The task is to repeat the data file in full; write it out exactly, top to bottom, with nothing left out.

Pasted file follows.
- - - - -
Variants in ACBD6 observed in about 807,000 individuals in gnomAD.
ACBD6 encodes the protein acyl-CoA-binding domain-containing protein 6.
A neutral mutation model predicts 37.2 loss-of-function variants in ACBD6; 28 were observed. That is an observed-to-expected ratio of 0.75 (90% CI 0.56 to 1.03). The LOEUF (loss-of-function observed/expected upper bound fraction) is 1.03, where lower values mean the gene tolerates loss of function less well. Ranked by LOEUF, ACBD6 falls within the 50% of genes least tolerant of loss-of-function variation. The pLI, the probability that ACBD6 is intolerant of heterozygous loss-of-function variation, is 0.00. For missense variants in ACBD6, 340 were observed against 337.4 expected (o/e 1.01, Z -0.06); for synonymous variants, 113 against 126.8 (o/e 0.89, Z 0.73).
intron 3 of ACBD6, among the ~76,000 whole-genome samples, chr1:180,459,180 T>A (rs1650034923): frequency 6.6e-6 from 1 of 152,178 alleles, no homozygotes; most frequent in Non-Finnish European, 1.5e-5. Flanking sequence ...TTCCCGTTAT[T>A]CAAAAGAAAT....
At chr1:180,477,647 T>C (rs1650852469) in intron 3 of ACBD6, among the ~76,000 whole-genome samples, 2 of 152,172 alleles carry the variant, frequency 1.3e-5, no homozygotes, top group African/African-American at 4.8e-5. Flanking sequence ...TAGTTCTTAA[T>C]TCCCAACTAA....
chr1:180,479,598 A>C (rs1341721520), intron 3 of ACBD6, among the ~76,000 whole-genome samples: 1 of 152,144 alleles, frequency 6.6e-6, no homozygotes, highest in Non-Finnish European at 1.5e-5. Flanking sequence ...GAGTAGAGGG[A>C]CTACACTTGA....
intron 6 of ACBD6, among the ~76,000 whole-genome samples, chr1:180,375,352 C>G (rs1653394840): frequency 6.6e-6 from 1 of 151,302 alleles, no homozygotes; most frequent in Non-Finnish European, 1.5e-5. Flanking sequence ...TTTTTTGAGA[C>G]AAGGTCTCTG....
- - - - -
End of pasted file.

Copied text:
Variants in ACBD6 observed in about 807,000 individuals in gnomAD.
ACBD6 encodes the protein acyl-CoA-binding domain-containing protein 6.
A neutral mutation model predicts 37.2 loss-of-function variants in ACBD6; 28 were observed. That is an observed-to-expected ratio of 0.75 (90% CI 0.56 to 1.03). The LOEUF (loss-of-function observed/expected upper bound fraction) is 1.03, where lower values mean the gene tolerates loss of function less well. Ranked by LOEUF, ACBD6 falls within the 50% of genes least tolerant of loss-of-function variation. The pLI, the probability that ACBD6 is intolerant of heterozygous loss-of-function variation, is 0.00. For missense variants in ACBD6, 340 were observed against 337.4 expected (o/e 1.01, Z -0.06); for synonymous variants, 113 against 126.8 (o/e 0.89, Z 0.73).
intron 3 of ACBD6, among the ~76,000 whole-genome samples, chr1:180,459,180 T>A (rs1650034923): frequency 6.6e-6 from 1 of 152,178 alleles, no homozygotes; most frequent in Non-Finnish European, 1.5e-5. Flanking sequence ...TTCCCGTTAT[T>A]CAAAAGAAAT....
At chr1:180,477,647 T>C (rs1650852469) in intron 3 of ACBD6, among the ~76,000 whole-genome samples, 2 of 152,172 alleles carry the variant, frequency 1.3e-5, no homozygotes, top group African/African-American at 4.8e-5. Flanking sequence ...TAGTTCTTAA[T>C]TCCCAACTAA....
chr1:180,479,598 A>C (rs1341721520), intron 3 of ACBD6, among the ~76,000 whole-genome samples: 1 of 152,144 alleles, frequency 6.6e-6, no homozygotes, highest in Non-Finnish European at 1.5e-5. Flanking sequence ...GAGTAGAGGG[A>C]CTACACTTGA....
intron 6 of ACBD6, among the ~76,000 whole-genome samples, chr1:180,375,352 C>G (rs1653394840): frequency 6.6e-6 from 1 of 151,302 alleles, no homozygotes; most frequent in Non-Finnish European, 1.5e-5. Flanking sequence ...TTTTTTGAGA[C>G]AAGGTCTCTG....